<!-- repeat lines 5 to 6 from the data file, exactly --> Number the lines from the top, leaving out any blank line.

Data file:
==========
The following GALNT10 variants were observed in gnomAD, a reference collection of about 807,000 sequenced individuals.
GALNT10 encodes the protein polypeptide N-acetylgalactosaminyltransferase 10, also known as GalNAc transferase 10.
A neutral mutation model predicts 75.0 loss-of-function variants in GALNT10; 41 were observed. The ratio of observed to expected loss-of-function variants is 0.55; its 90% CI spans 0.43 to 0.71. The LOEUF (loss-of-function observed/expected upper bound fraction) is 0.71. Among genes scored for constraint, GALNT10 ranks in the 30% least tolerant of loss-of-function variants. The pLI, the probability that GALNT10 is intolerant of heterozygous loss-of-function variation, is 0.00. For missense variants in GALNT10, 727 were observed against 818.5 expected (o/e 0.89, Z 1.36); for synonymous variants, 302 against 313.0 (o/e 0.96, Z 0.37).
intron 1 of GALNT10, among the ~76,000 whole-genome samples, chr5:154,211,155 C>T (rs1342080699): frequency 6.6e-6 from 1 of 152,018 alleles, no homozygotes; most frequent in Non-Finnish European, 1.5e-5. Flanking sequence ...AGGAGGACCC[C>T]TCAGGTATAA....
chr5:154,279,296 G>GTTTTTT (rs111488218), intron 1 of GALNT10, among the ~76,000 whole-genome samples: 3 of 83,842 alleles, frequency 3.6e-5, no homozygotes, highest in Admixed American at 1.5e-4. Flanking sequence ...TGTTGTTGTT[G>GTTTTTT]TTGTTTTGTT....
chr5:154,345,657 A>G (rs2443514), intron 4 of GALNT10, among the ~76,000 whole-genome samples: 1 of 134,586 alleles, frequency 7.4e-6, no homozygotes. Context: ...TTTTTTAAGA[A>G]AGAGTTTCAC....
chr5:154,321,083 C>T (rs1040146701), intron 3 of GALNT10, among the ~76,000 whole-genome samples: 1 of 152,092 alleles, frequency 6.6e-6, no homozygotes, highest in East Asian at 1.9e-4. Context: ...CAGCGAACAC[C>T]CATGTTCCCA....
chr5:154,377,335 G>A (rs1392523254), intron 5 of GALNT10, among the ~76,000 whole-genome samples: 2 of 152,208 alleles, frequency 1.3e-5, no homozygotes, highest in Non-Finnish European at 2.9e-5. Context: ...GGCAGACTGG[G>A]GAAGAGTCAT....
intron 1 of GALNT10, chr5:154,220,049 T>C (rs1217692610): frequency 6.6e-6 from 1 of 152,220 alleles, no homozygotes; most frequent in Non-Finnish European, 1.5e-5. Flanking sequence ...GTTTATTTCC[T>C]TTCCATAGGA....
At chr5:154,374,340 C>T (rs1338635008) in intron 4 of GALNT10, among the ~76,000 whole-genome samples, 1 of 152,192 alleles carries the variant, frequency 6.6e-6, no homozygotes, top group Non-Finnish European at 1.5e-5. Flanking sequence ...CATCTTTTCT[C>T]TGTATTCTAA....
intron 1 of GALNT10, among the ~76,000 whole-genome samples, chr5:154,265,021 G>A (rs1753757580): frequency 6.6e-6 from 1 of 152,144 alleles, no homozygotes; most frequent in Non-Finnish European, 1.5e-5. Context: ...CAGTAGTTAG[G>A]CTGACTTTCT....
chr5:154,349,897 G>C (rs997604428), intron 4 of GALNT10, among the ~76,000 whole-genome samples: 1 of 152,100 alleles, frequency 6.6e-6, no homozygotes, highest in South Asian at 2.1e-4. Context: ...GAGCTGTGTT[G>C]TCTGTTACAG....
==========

chr5:154,279,296 G>GTTTTTT (rs111488218), intron 1 of GALNT10, among the ~76,000 whole-genome samples: 3 of 83,842 alleles, frequency 3.6e-5, no homozygotes, highest in Admixed American at 1.5e-4. Flanking sequence ...TGTTGTTGTT[G>GTTTTTT]TTGTTTTGTT....
chr5:154,345,657 A>G (rs2443514), intron 4 of GALNT10, among the ~76,000 whole-genome samples: 1 of 134,586 alleles, frequency 7.4e-6, no homozygotes. Context: ...TTTTTTAAGA[A>G]AGAGTTTCAC....